Thursday, April 17, 2014
PORTLAND — Five hours of deliberations on Tuesday were not enough for jurors in a drug trafficking trial in U.S. District Court, and the group is expected to resume its talks this morning.
Richard Szpyt, the former president of the Maine chapter of the Iron Horsemen Motorcycle Club, and two associates went on trial last week for allegedly running a major cocaine and marijuana distribution ring between Massachusetts and Maine.
Szpyt, Sherwood Jordan and Ramon Dellosantos each were charged with a count of conspiracy, which carries a minimum penalty of 10 years in prison. Szpyt faces four additional counts, and Jordan five additional counts, for allegedly using the telephone to facilitate the sale and purchase of drugs.
During closing arguments Tuesday, Assistant U.S. Attorney Dan Perry said the government had met its burden to prove the case beyond a reasonable doubt.
''We now have the mountain of evidence that I told you was going to come in,'' Perry said. ''There's no doubt, based on reason, that these individuals were involved in drug trafficking.''
Perry's evidence included hundreds of wiretapped telephone calls, drug ledgers, seized marijuana and cocaine, the details of surveillance operations by federal agents and testimony by cooperating witnesses.
The lawyers for the defendants, as they said during opening statements, conceded that their clients had been involved in the use or sale of drugs, but said they were not part of the massive conspiracy alleged by the government.
Szpyt, 49, of Haverhill, Mass., was president of the Iron Horsemen in Maine from 2005 until last spring, when he and several other club members, as well as other individuals not affiliated with the club, were indicted and arrested on drug charges.
''There is no evidence that he sold drugs for profit,'' Robert Levine, Szpyt's lawyer, said during closing arguments. He described Szpyt as a hardworking owner of a garage in Haverhill, who helped his friends and remained loyal to them.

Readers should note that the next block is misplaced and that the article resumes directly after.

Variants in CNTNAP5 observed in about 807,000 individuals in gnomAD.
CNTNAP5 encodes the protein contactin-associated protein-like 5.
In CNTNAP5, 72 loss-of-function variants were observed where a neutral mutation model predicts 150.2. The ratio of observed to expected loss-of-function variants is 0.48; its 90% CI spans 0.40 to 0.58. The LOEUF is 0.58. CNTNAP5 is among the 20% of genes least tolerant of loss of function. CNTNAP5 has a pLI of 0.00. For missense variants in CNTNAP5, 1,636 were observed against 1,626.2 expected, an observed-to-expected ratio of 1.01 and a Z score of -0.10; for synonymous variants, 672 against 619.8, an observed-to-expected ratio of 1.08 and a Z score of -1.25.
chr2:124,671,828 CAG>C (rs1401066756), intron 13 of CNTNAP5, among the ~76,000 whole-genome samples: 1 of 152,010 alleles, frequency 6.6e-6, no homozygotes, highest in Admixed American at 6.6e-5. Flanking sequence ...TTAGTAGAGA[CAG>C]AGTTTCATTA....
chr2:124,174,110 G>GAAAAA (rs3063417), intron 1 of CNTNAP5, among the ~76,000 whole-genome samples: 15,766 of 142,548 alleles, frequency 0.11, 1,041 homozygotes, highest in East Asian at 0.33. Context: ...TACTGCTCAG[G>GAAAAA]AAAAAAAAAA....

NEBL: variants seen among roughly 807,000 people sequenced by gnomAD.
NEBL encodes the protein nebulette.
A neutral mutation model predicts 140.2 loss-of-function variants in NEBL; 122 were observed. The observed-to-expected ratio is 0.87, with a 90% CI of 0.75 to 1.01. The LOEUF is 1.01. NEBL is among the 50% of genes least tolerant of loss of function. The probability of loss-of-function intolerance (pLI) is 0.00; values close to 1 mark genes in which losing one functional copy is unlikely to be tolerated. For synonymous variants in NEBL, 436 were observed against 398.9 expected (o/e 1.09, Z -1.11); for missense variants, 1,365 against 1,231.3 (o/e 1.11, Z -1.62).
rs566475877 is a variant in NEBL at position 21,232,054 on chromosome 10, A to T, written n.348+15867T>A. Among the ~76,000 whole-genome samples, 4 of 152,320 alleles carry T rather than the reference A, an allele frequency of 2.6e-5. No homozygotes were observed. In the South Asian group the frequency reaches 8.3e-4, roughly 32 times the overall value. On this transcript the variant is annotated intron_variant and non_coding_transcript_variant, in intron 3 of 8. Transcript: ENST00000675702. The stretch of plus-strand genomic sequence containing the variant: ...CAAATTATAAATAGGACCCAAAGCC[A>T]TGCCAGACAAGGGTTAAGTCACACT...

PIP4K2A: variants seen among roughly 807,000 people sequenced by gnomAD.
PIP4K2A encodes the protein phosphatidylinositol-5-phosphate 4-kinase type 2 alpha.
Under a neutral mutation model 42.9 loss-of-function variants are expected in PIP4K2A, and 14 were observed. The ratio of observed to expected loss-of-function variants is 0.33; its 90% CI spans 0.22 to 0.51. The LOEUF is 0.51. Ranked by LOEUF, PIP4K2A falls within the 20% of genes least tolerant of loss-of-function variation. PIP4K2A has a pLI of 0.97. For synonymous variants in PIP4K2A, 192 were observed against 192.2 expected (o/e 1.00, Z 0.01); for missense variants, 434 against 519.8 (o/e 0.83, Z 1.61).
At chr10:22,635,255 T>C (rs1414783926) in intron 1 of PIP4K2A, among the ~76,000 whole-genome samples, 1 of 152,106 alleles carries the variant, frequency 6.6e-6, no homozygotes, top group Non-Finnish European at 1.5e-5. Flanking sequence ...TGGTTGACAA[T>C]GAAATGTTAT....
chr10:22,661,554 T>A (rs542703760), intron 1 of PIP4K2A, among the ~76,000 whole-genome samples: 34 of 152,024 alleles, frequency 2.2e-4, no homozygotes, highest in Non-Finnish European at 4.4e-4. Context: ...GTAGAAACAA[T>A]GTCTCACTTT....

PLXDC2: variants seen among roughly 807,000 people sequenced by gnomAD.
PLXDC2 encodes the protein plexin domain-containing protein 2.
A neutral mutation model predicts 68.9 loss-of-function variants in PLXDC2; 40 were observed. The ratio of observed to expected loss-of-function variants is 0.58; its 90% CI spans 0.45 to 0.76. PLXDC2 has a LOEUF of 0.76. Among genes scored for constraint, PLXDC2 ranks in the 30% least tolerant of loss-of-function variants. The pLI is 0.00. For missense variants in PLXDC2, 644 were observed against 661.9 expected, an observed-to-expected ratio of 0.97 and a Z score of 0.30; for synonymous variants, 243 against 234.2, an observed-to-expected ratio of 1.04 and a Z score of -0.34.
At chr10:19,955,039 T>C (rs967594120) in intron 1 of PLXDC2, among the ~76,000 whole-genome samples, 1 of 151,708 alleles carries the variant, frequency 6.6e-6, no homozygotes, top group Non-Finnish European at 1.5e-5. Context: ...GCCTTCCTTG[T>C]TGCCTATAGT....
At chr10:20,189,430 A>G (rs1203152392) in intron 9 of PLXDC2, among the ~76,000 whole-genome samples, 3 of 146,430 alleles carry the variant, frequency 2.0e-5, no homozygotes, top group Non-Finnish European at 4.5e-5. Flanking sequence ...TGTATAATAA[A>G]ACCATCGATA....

Levine said Szpyt was set up to take the fall by eager prosecutors and by another Iron Horsemen member who made a deal with the government.
Robert Sanborn already pleaded guilty in this case, and he agreed to testify against the other defendants when prosecutors said they would recommend leniency at sentencing.
''Their case rests or falls on the testimony of the cooperating witnesses,'' Levine said. ''Now they are going to try to fly to freedom on Richard Szpyt's sails.''
Peter DeTroy, Jordan's lawyer said his client was not part of any conspiracy, and that Perry was trying to prove guilt by association.
''The government has cast too wide a net,'' DeTroy said. ''It's not OK for them to get it kind of right. They've got to prove with exactitude each and every element of the alleged offense.''
Dellosantos' lawyer, Elliot Weinstein of Boston, said the only evidence against his client came from the testimony of Plinio Vizcaino, who also is seeking leniency on a federal drug conviction in Massachusetts. Weinstein said Dellosantos knew Szpyt through the garage in Haverhill, but he was not supplying cocaine to Szpyt, Sanborn or any other Iron Horsemen members.
''Would Vizcaino make this up to gain his freedom? You know he would, and you know that he did,'' Weinstein said. ''He would lie, and he did lie here, to avoid years and years in federal prison.''
In rebuttal, Perry told the jury it they should scrutinize the motivation of the cooperating witnesses, but they did not even necessarily need that testimony to convict all three defendants.
The intercepted phone calls, ledgers, surveillance and other evidence was ''the meat'' of the case, Perry said, and the testimony of cooperating witnesses provided ''the spice.''
Staff Writer Trevor Maxwell can be contacted at 791-6451 or at: